Rendle had sketched them a rough map of the ground floor of the prison – he had been there from time to time to deliver prisoners – but he had no knowledge of the upper floor or the cells in the basement. He told them that Bronson could still be in the holding cell on the ground floor, but if not then the partty would have to find a way below ground.
The planning took quite some time, but it was also awesome.
Thorak, at this point, had reached level 3, and had chosen the Totem of the Bear – which granted him the speak with animals spell as a ritual. And, in case you’d forgotten, Pstan has a pet mouse. So Thorak settled down on the ground for ten minutes, sitting cross-legged and beginning to meditate on his new-found affinity for bears. In a wonderful coincidence – because Thorak’s player hadn’t looked at theoptions available to a barbarian as they level up when we played the first session – Thorak had explicitly taken some teeth and scraps of fur from the bear that the group fought outside the temple of leaves. He began to piece together a small totem of his own, using the bear parts and Simon, the kobold head that he has been carrying since day one, and as he did this he sank into a trance unlike anything he had ever experienced.
While in the trance, Thorak reached out with his mind – and found Mouse. Though there were some issues getting around the low intelligence of both Mouse and Thorak, he eventually conveyed his message; he asked Mouse to go down the hill to the Wheelhouse, find a way in, and explore as much as possible.
Then, before Mouse was allowed to leave, Thorak used his other new ability – beast sense.
With the ritual complete, Mouse set off down the hill towards the Wheelhouse, with Thorak seeing the world through his eyes.
For the next hour (game time, not real time – I’m not that bad) the party sat around and made their preparations for getting into the Wheelhouse, while Thorak sat stock still, meditating. And Thorak was treated to a mouse-eye view of the ground floor of the Wheelhouse, as Mouse scurried in through a crack beneath the main doors, evaded the stamping feet of a guard, ducked into what appeared to be a holding cell – and immediately fled, as a foot plunged down from the darkness and attempting to stamp on him, and led Thorak through a guided tour of the sacks of grain and meal being stored on the ground floor.
Once Thorak returned and conveyed his information, things sort of ground to a halt for a bit. I’ll be honest – this wasn’t my finest hour as a DM. I had set up the situation, and the group were engaging with it, but they were struggling to settle on a strategy that they liked – and I didn’t do as much as I should have done to get things moving again. I did try – I sent a cart up the road towards the Wheelhouse, a supply run bringing goods to the prison, with the hope that the party would incorporate it into their plans in some way, but they didn’t bite.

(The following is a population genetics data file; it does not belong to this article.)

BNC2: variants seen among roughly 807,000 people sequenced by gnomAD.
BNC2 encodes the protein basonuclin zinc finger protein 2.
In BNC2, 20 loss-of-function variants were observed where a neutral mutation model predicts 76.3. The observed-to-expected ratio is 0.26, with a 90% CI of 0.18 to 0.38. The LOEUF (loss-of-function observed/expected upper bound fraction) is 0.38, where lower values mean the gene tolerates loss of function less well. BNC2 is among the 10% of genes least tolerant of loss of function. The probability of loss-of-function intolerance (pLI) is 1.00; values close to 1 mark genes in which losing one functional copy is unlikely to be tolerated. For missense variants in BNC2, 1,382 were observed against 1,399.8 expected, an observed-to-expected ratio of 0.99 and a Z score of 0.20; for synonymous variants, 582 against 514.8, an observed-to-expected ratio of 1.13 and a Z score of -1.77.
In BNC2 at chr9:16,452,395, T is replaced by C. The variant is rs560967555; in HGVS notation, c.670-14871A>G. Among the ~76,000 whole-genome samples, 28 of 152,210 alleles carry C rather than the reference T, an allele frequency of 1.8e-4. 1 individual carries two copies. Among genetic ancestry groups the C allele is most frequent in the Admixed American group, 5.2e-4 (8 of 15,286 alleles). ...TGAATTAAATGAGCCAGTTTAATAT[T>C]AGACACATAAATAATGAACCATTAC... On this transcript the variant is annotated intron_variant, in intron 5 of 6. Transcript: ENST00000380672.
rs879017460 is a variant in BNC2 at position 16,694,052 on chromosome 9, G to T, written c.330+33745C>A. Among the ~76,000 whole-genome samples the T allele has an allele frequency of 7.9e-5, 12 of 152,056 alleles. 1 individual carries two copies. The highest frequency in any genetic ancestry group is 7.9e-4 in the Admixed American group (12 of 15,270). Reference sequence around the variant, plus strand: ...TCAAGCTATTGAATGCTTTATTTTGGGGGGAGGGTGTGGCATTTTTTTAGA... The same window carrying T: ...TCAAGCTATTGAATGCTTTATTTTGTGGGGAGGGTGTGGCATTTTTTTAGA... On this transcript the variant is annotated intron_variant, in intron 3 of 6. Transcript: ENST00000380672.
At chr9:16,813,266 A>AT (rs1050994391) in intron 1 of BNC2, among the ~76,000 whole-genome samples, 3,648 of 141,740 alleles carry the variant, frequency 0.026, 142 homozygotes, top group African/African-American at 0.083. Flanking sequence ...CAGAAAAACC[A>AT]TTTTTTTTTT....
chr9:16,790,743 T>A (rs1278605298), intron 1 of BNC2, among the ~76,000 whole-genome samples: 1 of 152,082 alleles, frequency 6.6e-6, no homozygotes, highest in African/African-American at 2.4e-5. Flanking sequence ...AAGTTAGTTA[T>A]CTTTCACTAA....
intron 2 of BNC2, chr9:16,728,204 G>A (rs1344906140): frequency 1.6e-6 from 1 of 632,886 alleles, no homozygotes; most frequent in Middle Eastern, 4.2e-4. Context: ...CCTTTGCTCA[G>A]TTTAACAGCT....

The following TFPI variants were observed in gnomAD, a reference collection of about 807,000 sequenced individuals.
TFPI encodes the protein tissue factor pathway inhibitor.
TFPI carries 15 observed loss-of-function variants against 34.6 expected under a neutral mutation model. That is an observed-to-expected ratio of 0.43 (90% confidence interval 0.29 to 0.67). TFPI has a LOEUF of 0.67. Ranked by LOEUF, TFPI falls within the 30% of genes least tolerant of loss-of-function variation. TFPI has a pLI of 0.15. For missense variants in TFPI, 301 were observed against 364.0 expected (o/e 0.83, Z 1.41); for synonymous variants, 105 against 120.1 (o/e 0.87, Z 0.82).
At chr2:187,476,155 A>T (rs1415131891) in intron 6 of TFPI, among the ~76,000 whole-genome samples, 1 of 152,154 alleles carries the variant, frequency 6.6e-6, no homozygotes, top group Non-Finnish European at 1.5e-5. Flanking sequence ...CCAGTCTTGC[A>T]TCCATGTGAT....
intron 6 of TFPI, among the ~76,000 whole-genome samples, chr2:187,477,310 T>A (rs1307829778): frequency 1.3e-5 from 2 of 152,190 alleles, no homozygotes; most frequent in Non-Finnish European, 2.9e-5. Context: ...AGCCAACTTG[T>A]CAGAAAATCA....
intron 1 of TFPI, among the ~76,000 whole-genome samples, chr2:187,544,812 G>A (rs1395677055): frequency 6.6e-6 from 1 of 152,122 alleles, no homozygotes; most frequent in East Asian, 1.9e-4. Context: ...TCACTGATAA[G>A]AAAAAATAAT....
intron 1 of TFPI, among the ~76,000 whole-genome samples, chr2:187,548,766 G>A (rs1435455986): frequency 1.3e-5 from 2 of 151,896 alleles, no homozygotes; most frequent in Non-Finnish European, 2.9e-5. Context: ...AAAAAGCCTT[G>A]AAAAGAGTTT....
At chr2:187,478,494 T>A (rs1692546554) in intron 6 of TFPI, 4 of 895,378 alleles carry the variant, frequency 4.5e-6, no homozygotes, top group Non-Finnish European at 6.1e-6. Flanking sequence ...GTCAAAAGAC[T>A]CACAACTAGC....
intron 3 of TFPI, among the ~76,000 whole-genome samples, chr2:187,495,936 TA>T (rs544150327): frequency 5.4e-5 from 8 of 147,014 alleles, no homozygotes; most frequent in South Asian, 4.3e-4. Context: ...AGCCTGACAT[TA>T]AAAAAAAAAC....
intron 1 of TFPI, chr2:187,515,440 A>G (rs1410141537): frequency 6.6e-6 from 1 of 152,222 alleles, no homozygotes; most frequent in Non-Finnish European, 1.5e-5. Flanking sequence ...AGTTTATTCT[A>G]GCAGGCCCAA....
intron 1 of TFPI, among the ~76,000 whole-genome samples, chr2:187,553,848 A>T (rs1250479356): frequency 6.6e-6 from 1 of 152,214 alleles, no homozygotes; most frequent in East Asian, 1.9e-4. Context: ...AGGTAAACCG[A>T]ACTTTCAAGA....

My article this week about pacing adventures has its roots in this session, because this failure to keep the game engaging was something I felt bad about for a while. I won’t go on about it here too much – mainly, I just want to acknowledge that I did fail here. There was a period of five or ten minutes where the group were frustrated, bored, and not having fun any more, and that was on me. If you’re interested in the conclusions I came to after this, I’d recommend reading that article I just linked. It’s all in there.
Luckily for me, Thorak’s player is good at getting things moving again. They had already floated the idea of somebody creating a distraction by the main gates while the rest of the party crossed the river and tried to sneak in around the back of the prison – they had scouted while Thorak was piggybacking on Mouse, and found the side that met the river to be less heavly guarded. So, seeing that nobody was taking the initiative, Thorak charged down the hill towards the prison, screaming all the way.
As the guards raised bows and yelled at Thorak to stop where he was and drop his weapons, the rest of the party attempted to cross the fast-moving river – and promptly almost drowned. With some scrambling, though, and Pstan remembering that every single member of the party was carrying rope that they had all forgotten to use, they regrouped in the trees on the other side of the river, facing the back wall of the Wheelhouse.